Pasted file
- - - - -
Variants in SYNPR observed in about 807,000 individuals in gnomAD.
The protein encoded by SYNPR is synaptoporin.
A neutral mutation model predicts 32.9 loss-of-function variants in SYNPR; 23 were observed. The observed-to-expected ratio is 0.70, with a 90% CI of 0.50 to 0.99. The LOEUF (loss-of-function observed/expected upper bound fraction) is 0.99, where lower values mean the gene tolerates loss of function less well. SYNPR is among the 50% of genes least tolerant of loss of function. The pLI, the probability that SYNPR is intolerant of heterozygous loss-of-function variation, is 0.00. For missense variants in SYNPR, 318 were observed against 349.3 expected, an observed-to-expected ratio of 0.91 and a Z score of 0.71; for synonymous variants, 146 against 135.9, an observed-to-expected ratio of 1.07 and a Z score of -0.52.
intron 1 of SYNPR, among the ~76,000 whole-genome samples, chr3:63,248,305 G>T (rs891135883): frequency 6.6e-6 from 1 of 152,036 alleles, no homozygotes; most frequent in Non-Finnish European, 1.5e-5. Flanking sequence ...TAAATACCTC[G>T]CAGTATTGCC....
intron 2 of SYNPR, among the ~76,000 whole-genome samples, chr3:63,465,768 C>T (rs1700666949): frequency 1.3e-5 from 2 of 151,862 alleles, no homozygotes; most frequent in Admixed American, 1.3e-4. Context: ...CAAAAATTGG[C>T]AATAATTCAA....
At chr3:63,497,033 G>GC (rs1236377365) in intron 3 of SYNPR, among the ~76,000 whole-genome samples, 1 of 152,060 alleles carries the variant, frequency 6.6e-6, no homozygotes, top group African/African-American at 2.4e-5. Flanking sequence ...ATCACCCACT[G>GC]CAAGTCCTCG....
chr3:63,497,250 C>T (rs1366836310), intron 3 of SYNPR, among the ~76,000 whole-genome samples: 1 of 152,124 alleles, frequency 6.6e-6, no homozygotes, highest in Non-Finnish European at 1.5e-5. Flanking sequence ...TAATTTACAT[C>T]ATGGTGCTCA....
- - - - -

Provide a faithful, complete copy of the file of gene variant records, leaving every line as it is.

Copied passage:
Variants in SYNPR observed in about 807,000 individuals in gnomAD.
The protein encoded by SYNPR is synaptoporin.
A neutral mutation model predicts 32.9 loss-of-function variants in SYNPR; 23 were observed. The observed-to-expected ratio is 0.70, with a 90% CI of 0.50 to 0.99. The LOEUF (loss-of-function observed/expected upper bound fraction) is 0.99, where lower values mean the gene tolerates loss of function less well. SYNPR is among the 50% of genes least tolerant of loss of function. The pLI, the probability that SYNPR is intolerant of heterozygous loss-of-function variation, is 0.00. For missense variants in SYNPR, 318 were observed against 349.3 expected, an observed-to-expected ratio of 0.91 and a Z score of 0.71; for synonymous variants, 146 against 135.9, an observed-to-expected ratio of 1.07 and a Z score of -0.52.
intron 1 of SYNPR, among the ~76,000 whole-genome samples, chr3:63,248,305 G>T (rs891135883): frequency 6.6e-6 from 1 of 152,036 alleles, no homozygotes; most frequent in Non-Finnish European, 1.5e-5. Flanking sequence ...TAAATACCTC[G>T]CAGTATTGCC....
intron 2 of SYNPR, among the ~76,000 whole-genome samples, chr3:63,465,768 C>T (rs1700666949): frequency 1.3e-5 from 2 of 151,862 alleles, no homozygotes; most frequent in Admixed American, 1.3e-4. Context: ...CAAAAATTGG[C>T]AATAATTCAA....
At chr3:63,497,033 G>GC (rs1236377365) in intron 3 of SYNPR, among the ~76,000 whole-genome samples, 1 of 152,060 alleles carries the variant, frequency 6.6e-6, no homozygotes, top group African/African-American at 2.4e-5. Flanking sequence ...ATCACCCACT[G>GC]CAAGTCCTCG....
chr3:63,497,250 C>T (rs1366836310), intron 3 of SYNPR, among the ~76,000 whole-genome samples: 1 of 152,124 alleles, frequency 6.6e-6, no homozygotes, highest in Non-Finnish European at 1.5e-5. Flanking sequence ...TAATTTACAT[C>T]ATGGTGCTCA....